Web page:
The state's jail standards committee has been watching the rising number of jail escapes very closely.
The state has a review committee that examines each jail in the state once a year. The committee follows state standards but the coordinator says guidebook for jails hasn't been updated since 1988.
It's Danny Hickman's job to read complaint letters from inmates and he loves it.
“I think God put me here for a reason,” says Hickman.
The second-generation sheriff travels the state auditing each detention center by state safety standards. In May he reviewed Garland county's and found insufficient staffing. Two months later, Derrick Estell slipped away, crawling through a door opening.
One day after that, two men broke out of the Jackson county jail.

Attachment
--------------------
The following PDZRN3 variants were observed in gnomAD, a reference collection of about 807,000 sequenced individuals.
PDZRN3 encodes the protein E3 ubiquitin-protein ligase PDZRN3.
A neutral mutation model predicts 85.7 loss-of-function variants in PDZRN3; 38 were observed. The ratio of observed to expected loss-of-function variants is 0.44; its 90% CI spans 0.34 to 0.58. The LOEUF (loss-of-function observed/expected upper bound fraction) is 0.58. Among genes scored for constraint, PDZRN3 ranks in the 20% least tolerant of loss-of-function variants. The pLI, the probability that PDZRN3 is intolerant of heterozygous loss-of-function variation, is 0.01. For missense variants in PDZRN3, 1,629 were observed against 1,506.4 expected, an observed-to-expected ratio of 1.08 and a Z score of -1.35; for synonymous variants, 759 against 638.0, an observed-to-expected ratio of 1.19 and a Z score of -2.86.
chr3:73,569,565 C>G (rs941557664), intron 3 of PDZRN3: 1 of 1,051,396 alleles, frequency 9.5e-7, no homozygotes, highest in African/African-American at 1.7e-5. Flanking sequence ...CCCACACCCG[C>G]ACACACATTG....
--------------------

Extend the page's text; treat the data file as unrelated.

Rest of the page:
“When they break out, we're seeing some bad people escape here lately,” says Hickman.
“It keeps us on our toes,” Pulaski County Lt. Carl Minden says of recent jailbreaks.
The incidents also force other facilities to scrutinize their own security.
"You have people that are incarcerated have nothing else to do but think of ways to get out," Lt. Minden says.
Pulaski county re-built part of their recreation yard and disciplined jailers after an escape in 2011.
Hickman says it all boils down to staff.
“In a lot of jails they're not trained and they're not trained due to turnover and the large turnover is due to pay and pay is terrible and it's just not one county, it's all the counties,” he says.
To help, he hopes to make big changes. The 1988 jail standards call for 40 hours of training and no minimum staffing requirement.
He says it's going to take a lot more to keep jailers, inmates and the public safe.
“I just have a passion for it,” he says.
In addition to staffing, Hickman also says that jail overcrowding and older buildings are part of the problem.
He also said many older jails in the state don't have cameras.
Also some jails are working on expanding and building new detention centers with higher walls and thick glass instead of bars.